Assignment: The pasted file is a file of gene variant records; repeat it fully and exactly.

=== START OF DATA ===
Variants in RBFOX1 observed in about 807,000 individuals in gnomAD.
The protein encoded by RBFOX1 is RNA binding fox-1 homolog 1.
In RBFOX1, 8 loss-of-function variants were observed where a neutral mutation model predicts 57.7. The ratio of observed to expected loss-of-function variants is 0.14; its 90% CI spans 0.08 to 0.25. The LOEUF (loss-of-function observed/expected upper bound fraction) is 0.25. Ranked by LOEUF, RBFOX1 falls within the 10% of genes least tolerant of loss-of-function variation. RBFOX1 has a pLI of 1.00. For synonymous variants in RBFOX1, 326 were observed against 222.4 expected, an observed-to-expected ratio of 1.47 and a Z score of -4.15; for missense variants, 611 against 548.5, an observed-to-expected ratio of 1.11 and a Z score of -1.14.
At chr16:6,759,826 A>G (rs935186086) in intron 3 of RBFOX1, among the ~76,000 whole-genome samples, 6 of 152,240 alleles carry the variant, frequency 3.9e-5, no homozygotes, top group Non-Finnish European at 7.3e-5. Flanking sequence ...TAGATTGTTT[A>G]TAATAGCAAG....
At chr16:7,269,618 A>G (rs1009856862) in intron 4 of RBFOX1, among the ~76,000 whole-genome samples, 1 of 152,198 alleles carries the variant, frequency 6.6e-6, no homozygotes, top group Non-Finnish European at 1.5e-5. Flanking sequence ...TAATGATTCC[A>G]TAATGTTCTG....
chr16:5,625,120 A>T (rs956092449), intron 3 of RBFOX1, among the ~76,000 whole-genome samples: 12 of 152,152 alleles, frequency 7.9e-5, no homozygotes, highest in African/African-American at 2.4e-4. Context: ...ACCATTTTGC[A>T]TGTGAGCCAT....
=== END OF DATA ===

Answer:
Variants in RBFOX1 observed in about 807,000 individuals in gnomAD.
The protein encoded by RBFOX1 is RNA binding fox-1 homolog 1.
In RBFOX1, 8 loss-of-function variants were observed where a neutral mutation model predicts 57.7. The ratio of observed to expected loss-of-function variants is 0.14; its 90% CI spans 0.08 to 0.25. The LOEUF (loss-of-function observed/expected upper bound fraction) is 0.25. Ranked by LOEUF, RBFOX1 falls within the 10% of genes least tolerant of loss-of-function variation. RBFOX1 has a pLI of 1.00. For synonymous variants in RBFOX1, 326 were observed against 222.4 expected, an observed-to-expected ratio of 1.47 and a Z score of -4.15; for missense variants, 611 against 548.5, an observed-to-expected ratio of 1.11 and a Z score of -1.14.
At chr16:6,759,826 A>G (rs935186086) in intron 3 of RBFOX1, among the ~76,000 whole-genome samples, 6 of 152,240 alleles carry the variant, frequency 3.9e-5, no homozygotes, top group Non-Finnish European at 7.3e-5. Flanking sequence ...TAGATTGTTT[A>G]TAATAGCAAG....
At chr16:7,269,618 A>G (rs1009856862) in intron 4 of RBFOX1, among the ~76,000 whole-genome samples, 1 of 152,198 alleles carries the variant, frequency 6.6e-6, no homozygotes, top group Non-Finnish European at 1.5e-5. Flanking sequence ...TAATGATTCC[A>G]TAATGTTCTG....
chr16:5,625,120 A>T (rs956092449), intron 3 of RBFOX1, among the ~76,000 whole-genome samples: 12 of 152,152 alleles, frequency 7.9e-5, no homozygotes, highest in African/African-American at 2.4e-4. Context: ...ACCATTTTGC[A>T]TGTGAGCCAT....